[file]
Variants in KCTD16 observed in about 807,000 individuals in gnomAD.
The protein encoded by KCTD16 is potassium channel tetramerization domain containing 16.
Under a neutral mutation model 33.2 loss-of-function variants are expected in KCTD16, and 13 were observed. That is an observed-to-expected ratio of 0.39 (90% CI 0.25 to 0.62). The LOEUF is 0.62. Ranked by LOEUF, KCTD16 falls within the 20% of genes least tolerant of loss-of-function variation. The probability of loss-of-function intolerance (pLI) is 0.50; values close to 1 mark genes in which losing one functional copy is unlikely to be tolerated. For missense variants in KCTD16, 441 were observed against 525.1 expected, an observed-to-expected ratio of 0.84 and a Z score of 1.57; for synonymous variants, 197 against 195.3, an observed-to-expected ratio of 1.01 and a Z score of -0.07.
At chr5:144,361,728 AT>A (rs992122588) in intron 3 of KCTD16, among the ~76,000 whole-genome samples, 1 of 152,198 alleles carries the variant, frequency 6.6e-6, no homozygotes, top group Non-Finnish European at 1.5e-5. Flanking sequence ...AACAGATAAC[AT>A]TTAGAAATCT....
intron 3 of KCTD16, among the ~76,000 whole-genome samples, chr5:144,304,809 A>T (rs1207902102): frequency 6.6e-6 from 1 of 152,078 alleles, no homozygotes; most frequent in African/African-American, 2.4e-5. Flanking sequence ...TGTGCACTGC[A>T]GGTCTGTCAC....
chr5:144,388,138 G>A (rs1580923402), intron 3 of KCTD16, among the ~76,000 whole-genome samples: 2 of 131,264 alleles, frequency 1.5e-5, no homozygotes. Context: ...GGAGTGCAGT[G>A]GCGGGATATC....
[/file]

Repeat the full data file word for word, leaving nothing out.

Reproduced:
Variants in KCTD16 observed in about 807,000 individuals in gnomAD.
The protein encoded by KCTD16 is potassium channel tetramerization domain containing 16.
Under a neutral mutation model 33.2 loss-of-function variants are expected in KCTD16, and 13 were observed. That is an observed-to-expected ratio of 0.39 (90% CI 0.25 to 0.62). The LOEUF is 0.62. Ranked by LOEUF, KCTD16 falls within the 20% of genes least tolerant of loss-of-function variation. The probability of loss-of-function intolerance (pLI) is 0.50; values close to 1 mark genes in which losing one functional copy is unlikely to be tolerated. For missense variants in KCTD16, 441 were observed against 525.1 expected, an observed-to-expected ratio of 0.84 and a Z score of 1.57; for synonymous variants, 197 against 195.3, an observed-to-expected ratio of 1.01 and a Z score of -0.07.
At chr5:144,361,728 AT>A (rs992122588) in intron 3 of KCTD16, among the ~76,000 whole-genome samples, 1 of 152,198 alleles carries the variant, frequency 6.6e-6, no homozygotes, top group Non-Finnish European at 1.5e-5. Flanking sequence ...AACAGATAAC[AT>A]TTAGAAATCT....
intron 3 of KCTD16, among the ~76,000 whole-genome samples, chr5:144,304,809 A>T (rs1207902102): frequency 6.6e-6 from 1 of 152,078 alleles, no homozygotes; most frequent in African/African-American, 2.4e-5. Flanking sequence ...TGTGCACTGC[A>T]GGTCTGTCAC....
chr5:144,388,138 G>A (rs1580923402), intron 3 of KCTD16, among the ~76,000 whole-genome samples: 2 of 131,264 alleles, frequency 1.5e-5, no homozygotes. Context: ...GGAGTGCAGT[G>A]GCGGGATATC....